How to replace a broken handwheel on a TankMaster

How To Guide How To Replace A Broken Handwheel On A Tankmaster

How to replace a broken handwheel on a TankMaster

In this manual, we are going to go through the process of replacing a broken handwheel thread.

This will typically occur when the TankMaster has been left exposed to the elements over a long period of time with the handwheel in the full lock position without regular use.

If the handwheel thread has broken away from the handwheel it will force the valve head to stay in the open position. This will prevent you from isolating the fuel supply.

Tankmaster handwheel blog image 1

This image is to provide a little more insight into the construction of the hand wheel. As you can see, the handwheel on the left is new and undamaged. The handwheel on the right is missing the thread and solder.

The thread and solder has broken away from the wheel. Leaving the thread and solder inside the union and valve of the TankMaster.


tankmaster handwheel blog image 2

The first step to removing the handwheel is to remove the E-circlip on the end of the stem. The circlip may be a little hard to remove but using an object such as a flat-head screw driver should make light work of it.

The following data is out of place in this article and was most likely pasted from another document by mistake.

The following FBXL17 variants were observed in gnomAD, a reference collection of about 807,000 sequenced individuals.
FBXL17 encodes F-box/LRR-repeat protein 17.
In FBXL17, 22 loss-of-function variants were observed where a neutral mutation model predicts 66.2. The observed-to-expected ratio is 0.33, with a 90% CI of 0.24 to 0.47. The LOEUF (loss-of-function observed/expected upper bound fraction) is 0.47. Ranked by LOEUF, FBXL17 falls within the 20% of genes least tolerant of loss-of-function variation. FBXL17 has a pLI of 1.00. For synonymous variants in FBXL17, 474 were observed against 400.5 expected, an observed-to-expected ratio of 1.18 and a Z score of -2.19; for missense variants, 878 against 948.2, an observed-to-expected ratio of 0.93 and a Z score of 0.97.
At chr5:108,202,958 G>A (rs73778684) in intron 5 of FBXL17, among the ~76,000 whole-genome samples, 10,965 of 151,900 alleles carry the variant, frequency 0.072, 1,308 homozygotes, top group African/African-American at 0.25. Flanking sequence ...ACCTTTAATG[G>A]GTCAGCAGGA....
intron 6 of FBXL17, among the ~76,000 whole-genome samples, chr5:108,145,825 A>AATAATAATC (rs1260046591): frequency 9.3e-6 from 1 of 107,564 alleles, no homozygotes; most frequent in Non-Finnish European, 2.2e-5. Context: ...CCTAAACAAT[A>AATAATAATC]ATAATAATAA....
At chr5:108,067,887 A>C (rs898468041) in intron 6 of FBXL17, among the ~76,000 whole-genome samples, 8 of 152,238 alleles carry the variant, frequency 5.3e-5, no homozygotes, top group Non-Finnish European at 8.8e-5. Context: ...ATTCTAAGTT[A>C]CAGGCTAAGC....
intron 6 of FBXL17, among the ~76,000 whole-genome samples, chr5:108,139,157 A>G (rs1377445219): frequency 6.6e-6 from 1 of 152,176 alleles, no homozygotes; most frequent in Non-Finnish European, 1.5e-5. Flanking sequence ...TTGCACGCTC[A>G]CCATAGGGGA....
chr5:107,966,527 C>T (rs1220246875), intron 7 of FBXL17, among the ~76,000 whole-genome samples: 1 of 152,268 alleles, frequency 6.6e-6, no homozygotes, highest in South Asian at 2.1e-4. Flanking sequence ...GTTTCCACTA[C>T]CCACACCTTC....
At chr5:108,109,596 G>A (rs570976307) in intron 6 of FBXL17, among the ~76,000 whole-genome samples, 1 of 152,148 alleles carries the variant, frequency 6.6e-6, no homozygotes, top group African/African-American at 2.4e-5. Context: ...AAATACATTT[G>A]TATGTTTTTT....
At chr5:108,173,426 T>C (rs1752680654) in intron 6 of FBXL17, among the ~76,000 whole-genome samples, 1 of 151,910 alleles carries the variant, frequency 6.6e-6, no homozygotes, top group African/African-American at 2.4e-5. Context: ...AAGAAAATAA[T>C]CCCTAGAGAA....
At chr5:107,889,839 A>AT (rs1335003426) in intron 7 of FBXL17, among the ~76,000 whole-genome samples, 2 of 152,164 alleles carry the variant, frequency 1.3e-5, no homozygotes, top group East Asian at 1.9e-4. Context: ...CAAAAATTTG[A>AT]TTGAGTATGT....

At this point you should be able remove the wheel from the handwheel by gently pulling it away from the body. If you are still experiencing a degree of resistance, you may need to pull harder as there is a chance that the solder hasn’t broken away and this is what is holding the wheel to the thread.

tankmaster handwheel blog image 3

Once the handwheel has been removed, you should see the handwheel thread inside of the union and valve (highlighted in red). You will need to remove this but there is no need for concern with regards to compromising the valve as this is not a wetted component.

To remove, you can use pliers to turn the left handed thread, clockwise. If the thread has broken off flush to the union and valve then you may have to try a hammer and chisel to gently tap the thread clockwise, to try and loosen the thread. Lubricant can also be applied to assist removal.

tankmaster hand wheel blog image 4

Once the thread has successfully been removed from the union and valve, you should be left with what you see in picture 5.

Check the internal threads for any damage caused by the removal of the handwheel thread. If there is none, proceed.

Apply a small amount of copper grease to the internal threads.


tankmaster handwheel blog image 5

Screw the new hand wheel into the union and valve (anti-clockwise). The handwheel should meet a natural stop, at this point you should turn the handwheel half a turn clockwise to relieve pressure against the threads and ultimately prevent this from happening again.

Lastly, re-apply the E-circlip to the stem of the TankMaster. If you have any issues completing any one of these steps, please feel free to contact us via the contact details at the top of the page!

tankmaster hand wheel blog image 6

You've just added this product to the cart: